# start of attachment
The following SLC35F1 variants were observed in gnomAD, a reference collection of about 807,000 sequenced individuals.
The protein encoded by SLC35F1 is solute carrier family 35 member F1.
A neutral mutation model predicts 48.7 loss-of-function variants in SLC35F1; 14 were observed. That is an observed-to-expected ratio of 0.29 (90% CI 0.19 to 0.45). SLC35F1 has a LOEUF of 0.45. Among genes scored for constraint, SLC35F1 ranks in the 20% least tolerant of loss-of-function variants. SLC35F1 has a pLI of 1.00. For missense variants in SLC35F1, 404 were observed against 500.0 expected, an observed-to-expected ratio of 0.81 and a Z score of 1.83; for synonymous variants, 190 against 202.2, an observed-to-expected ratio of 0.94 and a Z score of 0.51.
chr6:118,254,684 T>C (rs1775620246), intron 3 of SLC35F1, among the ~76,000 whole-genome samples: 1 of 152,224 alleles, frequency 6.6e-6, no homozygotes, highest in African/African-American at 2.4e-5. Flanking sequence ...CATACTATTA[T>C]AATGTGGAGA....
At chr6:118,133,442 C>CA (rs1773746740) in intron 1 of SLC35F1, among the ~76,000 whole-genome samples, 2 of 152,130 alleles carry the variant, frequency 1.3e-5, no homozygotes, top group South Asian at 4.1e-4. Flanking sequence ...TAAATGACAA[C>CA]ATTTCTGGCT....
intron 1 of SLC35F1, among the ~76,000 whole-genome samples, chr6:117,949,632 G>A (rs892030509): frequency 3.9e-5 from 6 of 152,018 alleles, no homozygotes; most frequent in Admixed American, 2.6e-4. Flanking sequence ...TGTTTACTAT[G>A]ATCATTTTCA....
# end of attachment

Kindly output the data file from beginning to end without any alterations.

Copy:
The following SLC35F1 variants were observed in gnomAD, a reference collection of about 807,000 sequenced individuals.
The protein encoded by SLC35F1 is solute carrier family 35 member F1.
A neutral mutation model predicts 48.7 loss-of-function variants in SLC35F1; 14 were observed. That is an observed-to-expected ratio of 0.29 (90% CI 0.19 to 0.45). SLC35F1 has a LOEUF of 0.45. Among genes scored for constraint, SLC35F1 ranks in the 20% least tolerant of loss-of-function variants. SLC35F1 has a pLI of 1.00. For missense variants in SLC35F1, 404 were observed against 500.0 expected, an observed-to-expected ratio of 0.81 and a Z score of 1.83; for synonymous variants, 190 against 202.2, an observed-to-expected ratio of 0.94 and a Z score of 0.51.
chr6:118,254,684 T>C (rs1775620246), intron 3 of SLC35F1, among the ~76,000 whole-genome samples: 1 of 152,224 alleles, frequency 6.6e-6, no homozygotes, highest in African/African-American at 2.4e-5. Flanking sequence ...CATACTATTA[T>C]AATGTGGAGA....
At chr6:118,133,442 C>CA (rs1773746740) in intron 1 of SLC35F1, among the ~76,000 whole-genome samples, 2 of 152,130 alleles carry the variant, frequency 1.3e-5, no homozygotes, top group South Asian at 4.1e-4. Flanking sequence ...TAAATGACAA[C>CA]ATTTCTGGCT....
intron 1 of SLC35F1, among the ~76,000 whole-genome samples, chr6:117,949,632 G>A (rs892030509): frequency 3.9e-5 from 6 of 152,018 alleles, no homozygotes; most frequent in Admixed American, 2.6e-4. Flanking sequence ...TGTTTACTAT[G>A]ATCATTTTCA....